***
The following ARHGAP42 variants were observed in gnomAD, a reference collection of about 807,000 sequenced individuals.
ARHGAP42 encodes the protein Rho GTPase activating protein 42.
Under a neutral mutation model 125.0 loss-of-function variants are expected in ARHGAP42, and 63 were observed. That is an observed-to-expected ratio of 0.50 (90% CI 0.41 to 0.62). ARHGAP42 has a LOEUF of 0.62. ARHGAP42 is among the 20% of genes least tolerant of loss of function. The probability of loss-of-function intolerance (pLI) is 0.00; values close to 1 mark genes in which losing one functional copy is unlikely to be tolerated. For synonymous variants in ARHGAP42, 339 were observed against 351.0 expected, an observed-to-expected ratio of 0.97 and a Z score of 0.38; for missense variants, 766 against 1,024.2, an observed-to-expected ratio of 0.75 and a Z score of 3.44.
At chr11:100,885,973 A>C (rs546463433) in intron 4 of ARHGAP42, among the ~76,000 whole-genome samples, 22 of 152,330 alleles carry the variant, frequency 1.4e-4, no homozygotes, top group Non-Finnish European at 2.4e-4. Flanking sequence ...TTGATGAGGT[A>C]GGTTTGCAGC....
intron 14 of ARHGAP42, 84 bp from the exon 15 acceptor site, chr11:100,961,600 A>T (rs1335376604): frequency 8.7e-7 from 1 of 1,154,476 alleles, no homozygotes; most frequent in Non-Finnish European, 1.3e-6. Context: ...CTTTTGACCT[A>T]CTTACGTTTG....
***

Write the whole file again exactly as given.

The following ARHGAP42 variants were observed in gnomAD, a reference collection of about 807,000 sequenced individuals.
ARHGAP42 encodes the protein Rho GTPase activating protein 42.
Under a neutral mutation model 125.0 loss-of-function variants are expected in ARHGAP42, and 63 were observed. That is an observed-to-expected ratio of 0.50 (90% CI 0.41 to 0.62). ARHGAP42 has a LOEUF of 0.62. ARHGAP42 is among the 20% of genes least tolerant of loss of function. The probability of loss-of-function intolerance (pLI) is 0.00; values close to 1 mark genes in which losing one functional copy is unlikely to be tolerated. For synonymous variants in ARHGAP42, 339 were observed against 351.0 expected, an observed-to-expected ratio of 0.97 and a Z score of 0.38; for missense variants, 766 against 1,024.2, an observed-to-expected ratio of 0.75 and a Z score of 3.44.
At chr11:100,885,973 A>C (rs546463433) in intron 4 of ARHGAP42, among the ~76,000 whole-genome samples, 22 of 152,330 alleles carry the variant, frequency 1.4e-4, no homozygotes, top group Non-Finnish European at 2.4e-4. Flanking sequence ...TTGATGAGGT[A>C]GGTTTGCAGC....
intron 14 of ARHGAP42, 84 bp from the exon 15 acceptor site, chr11:100,961,600 A>T (rs1335376604): frequency 8.7e-7 from 1 of 1,154,476 alleles, no homozygotes; most frequent in Non-Finnish European, 1.3e-6. Context: ...CTTTTGACCT[A>T]CTTACGTTTG....